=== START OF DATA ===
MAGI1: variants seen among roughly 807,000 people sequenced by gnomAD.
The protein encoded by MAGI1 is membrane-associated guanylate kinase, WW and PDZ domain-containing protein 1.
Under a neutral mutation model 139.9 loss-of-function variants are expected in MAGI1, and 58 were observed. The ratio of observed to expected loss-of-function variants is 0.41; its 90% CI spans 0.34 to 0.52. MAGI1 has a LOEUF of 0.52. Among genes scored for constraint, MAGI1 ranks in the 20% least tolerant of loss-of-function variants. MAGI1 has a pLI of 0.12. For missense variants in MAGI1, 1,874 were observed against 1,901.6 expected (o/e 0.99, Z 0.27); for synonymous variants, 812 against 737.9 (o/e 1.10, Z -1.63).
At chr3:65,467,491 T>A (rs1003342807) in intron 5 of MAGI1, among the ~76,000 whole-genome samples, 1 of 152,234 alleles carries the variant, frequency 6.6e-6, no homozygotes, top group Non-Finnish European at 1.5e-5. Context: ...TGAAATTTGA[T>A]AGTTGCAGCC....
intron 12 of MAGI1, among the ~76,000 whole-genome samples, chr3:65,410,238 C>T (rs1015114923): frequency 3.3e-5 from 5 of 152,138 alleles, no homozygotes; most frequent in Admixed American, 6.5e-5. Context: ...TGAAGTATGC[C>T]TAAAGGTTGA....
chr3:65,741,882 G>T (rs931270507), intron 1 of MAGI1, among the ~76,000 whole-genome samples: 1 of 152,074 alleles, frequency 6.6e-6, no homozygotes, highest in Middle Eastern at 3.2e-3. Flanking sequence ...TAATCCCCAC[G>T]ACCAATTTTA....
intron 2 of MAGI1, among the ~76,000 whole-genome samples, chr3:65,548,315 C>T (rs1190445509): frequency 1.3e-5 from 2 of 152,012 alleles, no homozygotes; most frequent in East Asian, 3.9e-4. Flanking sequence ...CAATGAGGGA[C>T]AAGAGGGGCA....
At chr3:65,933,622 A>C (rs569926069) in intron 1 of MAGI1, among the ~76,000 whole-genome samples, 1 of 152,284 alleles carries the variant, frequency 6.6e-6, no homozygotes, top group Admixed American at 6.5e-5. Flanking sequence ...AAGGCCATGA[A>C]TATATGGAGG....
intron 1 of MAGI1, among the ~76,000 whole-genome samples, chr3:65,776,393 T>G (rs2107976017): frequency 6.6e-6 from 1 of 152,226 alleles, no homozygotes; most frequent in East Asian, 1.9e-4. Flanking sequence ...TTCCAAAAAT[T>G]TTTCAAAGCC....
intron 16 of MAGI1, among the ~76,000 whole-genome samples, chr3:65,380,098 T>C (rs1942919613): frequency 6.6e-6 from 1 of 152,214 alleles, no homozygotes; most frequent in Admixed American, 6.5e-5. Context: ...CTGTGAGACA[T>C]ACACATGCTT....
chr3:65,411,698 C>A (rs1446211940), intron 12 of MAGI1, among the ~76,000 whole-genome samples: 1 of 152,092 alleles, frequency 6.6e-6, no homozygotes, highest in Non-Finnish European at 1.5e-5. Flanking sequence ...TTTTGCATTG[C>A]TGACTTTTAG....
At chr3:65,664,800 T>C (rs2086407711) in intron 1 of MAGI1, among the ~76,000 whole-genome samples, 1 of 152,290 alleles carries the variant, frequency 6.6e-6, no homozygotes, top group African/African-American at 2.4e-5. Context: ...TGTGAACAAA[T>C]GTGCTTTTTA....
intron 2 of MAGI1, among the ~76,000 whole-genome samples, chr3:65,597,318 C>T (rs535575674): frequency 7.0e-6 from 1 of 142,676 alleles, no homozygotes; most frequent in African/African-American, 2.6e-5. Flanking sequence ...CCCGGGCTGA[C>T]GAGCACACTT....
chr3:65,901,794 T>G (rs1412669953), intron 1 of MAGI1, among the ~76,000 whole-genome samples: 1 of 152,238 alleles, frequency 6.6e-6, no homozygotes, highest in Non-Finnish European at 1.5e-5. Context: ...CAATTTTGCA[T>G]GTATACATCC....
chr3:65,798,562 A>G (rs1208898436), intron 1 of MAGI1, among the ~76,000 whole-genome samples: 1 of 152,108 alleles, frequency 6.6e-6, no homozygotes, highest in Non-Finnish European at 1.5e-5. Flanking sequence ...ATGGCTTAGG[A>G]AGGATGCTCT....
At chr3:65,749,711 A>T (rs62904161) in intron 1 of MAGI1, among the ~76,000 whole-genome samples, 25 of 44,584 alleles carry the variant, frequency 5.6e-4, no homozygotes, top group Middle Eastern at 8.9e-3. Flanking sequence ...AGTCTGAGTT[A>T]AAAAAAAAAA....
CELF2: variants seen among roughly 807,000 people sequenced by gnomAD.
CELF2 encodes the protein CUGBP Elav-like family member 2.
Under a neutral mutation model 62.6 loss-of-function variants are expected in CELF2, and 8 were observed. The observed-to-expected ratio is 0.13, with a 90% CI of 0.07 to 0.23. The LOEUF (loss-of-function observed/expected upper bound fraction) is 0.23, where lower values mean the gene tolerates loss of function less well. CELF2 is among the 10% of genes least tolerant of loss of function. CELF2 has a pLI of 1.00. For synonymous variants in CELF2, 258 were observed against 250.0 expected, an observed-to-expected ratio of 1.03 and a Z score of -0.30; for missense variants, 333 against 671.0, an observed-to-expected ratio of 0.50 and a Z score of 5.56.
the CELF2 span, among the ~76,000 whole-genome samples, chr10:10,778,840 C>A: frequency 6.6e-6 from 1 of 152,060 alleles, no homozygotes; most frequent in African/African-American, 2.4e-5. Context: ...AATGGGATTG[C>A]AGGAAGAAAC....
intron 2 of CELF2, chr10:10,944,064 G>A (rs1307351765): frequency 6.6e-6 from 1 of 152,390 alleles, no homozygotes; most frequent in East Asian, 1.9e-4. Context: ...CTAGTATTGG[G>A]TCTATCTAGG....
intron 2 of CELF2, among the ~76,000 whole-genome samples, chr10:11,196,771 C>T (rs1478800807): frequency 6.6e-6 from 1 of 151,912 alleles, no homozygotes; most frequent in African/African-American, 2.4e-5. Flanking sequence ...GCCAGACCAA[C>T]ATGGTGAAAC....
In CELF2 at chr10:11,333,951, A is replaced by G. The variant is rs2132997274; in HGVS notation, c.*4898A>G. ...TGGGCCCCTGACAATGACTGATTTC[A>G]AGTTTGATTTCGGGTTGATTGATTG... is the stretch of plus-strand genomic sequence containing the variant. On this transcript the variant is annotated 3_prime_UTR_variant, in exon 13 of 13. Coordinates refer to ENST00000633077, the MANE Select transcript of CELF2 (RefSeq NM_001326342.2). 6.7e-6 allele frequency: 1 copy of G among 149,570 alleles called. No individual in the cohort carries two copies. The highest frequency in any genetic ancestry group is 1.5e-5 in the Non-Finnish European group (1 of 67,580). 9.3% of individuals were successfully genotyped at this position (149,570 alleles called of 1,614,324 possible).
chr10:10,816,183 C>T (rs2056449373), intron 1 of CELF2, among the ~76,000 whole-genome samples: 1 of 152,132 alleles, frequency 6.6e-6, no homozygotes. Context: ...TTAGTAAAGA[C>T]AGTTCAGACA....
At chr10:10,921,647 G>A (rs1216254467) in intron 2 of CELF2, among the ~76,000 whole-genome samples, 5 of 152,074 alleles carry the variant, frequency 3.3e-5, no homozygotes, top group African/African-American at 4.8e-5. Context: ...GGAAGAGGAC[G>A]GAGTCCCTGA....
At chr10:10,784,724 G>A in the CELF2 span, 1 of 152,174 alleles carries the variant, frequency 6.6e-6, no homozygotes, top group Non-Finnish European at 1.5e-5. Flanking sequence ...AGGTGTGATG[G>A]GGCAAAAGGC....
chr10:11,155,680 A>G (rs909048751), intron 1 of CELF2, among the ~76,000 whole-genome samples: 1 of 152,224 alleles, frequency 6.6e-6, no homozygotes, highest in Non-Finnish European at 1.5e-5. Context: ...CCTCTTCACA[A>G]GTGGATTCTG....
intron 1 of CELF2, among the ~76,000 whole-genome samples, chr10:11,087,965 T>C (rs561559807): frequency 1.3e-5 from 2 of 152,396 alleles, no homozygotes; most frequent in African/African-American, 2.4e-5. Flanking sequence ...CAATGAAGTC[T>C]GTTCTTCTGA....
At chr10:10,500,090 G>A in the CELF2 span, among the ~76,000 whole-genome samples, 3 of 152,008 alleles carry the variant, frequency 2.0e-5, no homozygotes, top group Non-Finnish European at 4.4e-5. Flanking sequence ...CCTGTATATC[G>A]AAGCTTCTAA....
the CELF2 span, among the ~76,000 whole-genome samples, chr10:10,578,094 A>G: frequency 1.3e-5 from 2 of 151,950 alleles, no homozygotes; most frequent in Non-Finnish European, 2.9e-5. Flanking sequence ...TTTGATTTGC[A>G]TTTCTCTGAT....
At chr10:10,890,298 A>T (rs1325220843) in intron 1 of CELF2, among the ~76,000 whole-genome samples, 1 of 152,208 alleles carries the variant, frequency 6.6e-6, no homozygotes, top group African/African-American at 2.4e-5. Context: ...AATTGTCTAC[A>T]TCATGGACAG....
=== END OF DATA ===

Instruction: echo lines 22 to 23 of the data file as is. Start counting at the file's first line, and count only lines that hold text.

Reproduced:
intron 2 of CELF2, among the ~76,000 whole-genome samples, chr10:11,196,771 C>T (rs1478800807): frequency 6.6e-6 from 1 of 151,912 alleles, no homozygotes; most frequent in African/African-American, 2.4e-5. Flanking sequence ...GCCAGACCAA[C>T]ATGGTGAAAC....
In CELF2 at chr10:11,333,951, A is replaced by G. The variant is rs2132997274; in HGVS notation, c.*4898A>G. ...TGGGCCCCTGACAATGACTGATTTC[A>G]AGTTTGATTTCGGGTTGATTGATTG... is the stretch of plus-strand genomic sequence containing the variant. On this transcript the variant is annotated 3_prime_UTR_variant, in exon 13 of 13. Coordinates refer to ENST00000633077, the MANE Select transcript of CELF2 (RefSeq NM_001326342.2). 6.7e-6 allele frequency: 1 copy of G among 149,570 alleles called. No individual in the cohort carries two copies. The highest frequency in any genetic ancestry group is 1.5e-5 in the Non-Finnish European group (1 of 67,580). 9.3% of individuals were successfully genotyped at this position (149,570 alleles called of 1,614,324 possible).